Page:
Individual First Aid Kit, a first aid kit used to treat an individual soldier's wounds, single-use and stored within bright yellow wrappers.[20]
Infantry Fighting Vehicle, a type of armored fighting vehicle used to carry infantry into battle and unlike an APC, also provide fire support.
Incoming / IDF / Indirect
Warning calls given when enemy indirect fire (grenade launchers, motors, artillery, etc.) is inbound on friendly positions. IDF is pronounced "Eye dee eff."[5]


Joint Direct Attack Munition, a pinpoint bomb guidance device that can be strapped to a gravity bomb thus converting dumb bombs into smart bombs.[21]
Joint Terminal Attack Controller, a person who directs close air support, usually an infantryman with a laser designator to guide target-seeking bombs, missiles and artillery rounds to their targets.



Light Strike Vehicle, unarmoured light attack vehicles designed for fast hit-and-run raids, scouting missions, special forces support and low-intensity guerrilla warfare.


Main Battle Tank, a tracked vehicle that fills the heavy direct fire role of many modern armies.
Mount up / Remount
Command given to order players to mount into their assigned vehicles. "Remount" is sometimes given after players have temporarily dismounted, such as when providing security at a halt.[5]
Military Operations in Urban Terrain, also referred to as urban warfare, is combat conducted in urban areas such as towns and cities.[22]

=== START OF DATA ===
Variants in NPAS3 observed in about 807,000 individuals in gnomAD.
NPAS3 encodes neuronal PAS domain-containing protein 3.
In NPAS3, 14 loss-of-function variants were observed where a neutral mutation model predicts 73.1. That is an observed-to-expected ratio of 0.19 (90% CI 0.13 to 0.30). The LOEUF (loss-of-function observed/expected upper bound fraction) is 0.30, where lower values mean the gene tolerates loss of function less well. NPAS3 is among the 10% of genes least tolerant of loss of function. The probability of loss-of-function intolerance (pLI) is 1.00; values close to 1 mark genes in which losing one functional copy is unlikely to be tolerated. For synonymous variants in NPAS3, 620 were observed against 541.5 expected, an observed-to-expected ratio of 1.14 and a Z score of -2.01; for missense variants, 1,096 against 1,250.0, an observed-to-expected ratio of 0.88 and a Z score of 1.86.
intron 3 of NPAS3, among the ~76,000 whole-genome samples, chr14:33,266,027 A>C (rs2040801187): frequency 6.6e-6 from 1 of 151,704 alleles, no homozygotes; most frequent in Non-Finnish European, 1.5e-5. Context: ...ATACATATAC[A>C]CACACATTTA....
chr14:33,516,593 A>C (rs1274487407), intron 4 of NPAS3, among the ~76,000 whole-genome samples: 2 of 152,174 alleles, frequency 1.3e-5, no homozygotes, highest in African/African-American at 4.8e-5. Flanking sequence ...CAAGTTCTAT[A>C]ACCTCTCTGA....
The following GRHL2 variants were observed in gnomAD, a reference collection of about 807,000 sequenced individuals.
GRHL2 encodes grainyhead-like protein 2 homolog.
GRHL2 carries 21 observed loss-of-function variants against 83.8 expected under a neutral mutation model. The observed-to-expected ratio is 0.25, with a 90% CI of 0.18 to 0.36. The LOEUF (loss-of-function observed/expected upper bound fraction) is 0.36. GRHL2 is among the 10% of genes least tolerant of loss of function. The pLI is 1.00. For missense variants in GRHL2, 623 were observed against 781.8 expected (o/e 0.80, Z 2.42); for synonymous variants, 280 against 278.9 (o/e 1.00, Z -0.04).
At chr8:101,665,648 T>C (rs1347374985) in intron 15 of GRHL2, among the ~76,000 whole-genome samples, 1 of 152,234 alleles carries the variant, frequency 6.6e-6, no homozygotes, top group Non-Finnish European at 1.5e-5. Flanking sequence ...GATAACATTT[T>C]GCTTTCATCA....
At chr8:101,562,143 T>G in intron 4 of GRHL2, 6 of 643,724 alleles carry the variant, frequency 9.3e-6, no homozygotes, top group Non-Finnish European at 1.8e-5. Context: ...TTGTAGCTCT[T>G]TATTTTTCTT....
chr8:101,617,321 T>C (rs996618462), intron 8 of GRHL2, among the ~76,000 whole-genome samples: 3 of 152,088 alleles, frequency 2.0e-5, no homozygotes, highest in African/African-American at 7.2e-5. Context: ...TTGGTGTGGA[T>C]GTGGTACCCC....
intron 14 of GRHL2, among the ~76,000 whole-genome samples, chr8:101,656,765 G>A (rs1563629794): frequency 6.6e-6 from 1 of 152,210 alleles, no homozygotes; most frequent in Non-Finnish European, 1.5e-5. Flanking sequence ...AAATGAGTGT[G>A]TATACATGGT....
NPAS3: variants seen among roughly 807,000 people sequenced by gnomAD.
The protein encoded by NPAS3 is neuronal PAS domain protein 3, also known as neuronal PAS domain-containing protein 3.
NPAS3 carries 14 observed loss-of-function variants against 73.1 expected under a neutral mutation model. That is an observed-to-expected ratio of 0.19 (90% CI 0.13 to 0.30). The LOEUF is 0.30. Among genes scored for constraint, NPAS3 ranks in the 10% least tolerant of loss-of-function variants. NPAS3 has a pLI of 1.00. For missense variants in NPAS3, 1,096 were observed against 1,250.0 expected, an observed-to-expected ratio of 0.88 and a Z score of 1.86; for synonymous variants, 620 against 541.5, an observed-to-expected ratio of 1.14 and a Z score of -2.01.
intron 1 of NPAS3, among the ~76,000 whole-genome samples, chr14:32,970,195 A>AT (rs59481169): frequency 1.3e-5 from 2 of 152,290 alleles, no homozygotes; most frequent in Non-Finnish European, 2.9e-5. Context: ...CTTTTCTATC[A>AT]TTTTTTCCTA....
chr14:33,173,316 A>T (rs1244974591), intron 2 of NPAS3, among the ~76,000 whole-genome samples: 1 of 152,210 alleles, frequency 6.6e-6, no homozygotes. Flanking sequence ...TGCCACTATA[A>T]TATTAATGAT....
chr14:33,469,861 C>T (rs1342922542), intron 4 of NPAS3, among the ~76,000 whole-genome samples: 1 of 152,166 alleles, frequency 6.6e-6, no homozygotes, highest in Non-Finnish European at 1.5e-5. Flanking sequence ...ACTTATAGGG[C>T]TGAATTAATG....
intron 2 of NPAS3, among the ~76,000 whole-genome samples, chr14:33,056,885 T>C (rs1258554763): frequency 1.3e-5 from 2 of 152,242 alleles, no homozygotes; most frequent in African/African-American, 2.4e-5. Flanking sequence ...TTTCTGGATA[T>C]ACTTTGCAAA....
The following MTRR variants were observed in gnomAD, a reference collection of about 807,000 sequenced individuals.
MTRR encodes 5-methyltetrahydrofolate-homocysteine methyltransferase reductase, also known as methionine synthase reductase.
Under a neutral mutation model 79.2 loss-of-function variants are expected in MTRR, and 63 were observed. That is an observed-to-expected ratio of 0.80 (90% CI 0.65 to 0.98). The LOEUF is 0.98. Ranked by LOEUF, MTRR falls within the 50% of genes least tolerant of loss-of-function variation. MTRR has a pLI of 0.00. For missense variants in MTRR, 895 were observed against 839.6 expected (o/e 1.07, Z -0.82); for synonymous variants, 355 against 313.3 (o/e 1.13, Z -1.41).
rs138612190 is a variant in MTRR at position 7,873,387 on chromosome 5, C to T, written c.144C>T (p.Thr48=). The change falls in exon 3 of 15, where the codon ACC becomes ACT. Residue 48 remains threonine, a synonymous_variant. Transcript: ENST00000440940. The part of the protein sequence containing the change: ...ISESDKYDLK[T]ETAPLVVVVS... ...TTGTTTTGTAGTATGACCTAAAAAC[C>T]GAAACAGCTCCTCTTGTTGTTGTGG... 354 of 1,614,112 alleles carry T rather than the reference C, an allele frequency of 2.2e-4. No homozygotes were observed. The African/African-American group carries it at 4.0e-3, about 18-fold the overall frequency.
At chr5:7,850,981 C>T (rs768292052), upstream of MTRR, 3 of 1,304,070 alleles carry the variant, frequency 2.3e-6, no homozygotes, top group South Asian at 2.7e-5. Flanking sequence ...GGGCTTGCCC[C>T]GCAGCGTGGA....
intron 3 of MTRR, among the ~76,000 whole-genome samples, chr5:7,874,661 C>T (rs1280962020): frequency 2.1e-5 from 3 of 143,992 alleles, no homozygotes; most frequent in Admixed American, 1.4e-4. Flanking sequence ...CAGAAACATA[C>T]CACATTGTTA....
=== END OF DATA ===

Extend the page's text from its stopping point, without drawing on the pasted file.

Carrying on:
Mine Resistant Ambush Protected, a term for vehicles that are designed specifically to withstand improvised explosive device (IED) attacks and ambushes.


Novel Explosive, munitions that uses thermobaric principles to cause extreme blast and pressure damage around their point of destruction. Very effective against infantry and buildings.[15]
No joy
Crewman, CAS aircraft, etc. cannot spot hostile targets.[6]


On me

Command by the element leader to tell his element members to form up on him and follow him.[5]


OPposing FORce, name for hostile forces. In the ArmA series it is a generic term to describe REDFOR factions. It was also referred to as "East" in ArmA: Cold War Assault.
Oscar Mike
On the Move, the names of the two NATO phonetic alphabet letters O and M, which stand for the phrase. Used on the radio and in shorthand to each other.[13]



A quick reaction force. Essentially, a team which is kept on standby and stays prepared to rapidly provide assistance at several different locations if any of them fall under attack.


Reactive armour
A type of vehicle armour that reacts in some way to the impact of a weapon to reduce the damage done to the vehicle being protected. It is most effective in protecting against shaped charges and specially hardened long rod penetrators.[10]
Remote Anti-Armor Mines, a type of artillery round used by 155mm howitzers that spreads over a 400 meter area, arms shortly after impact and triggers when an armored vehicle runs over them.[23]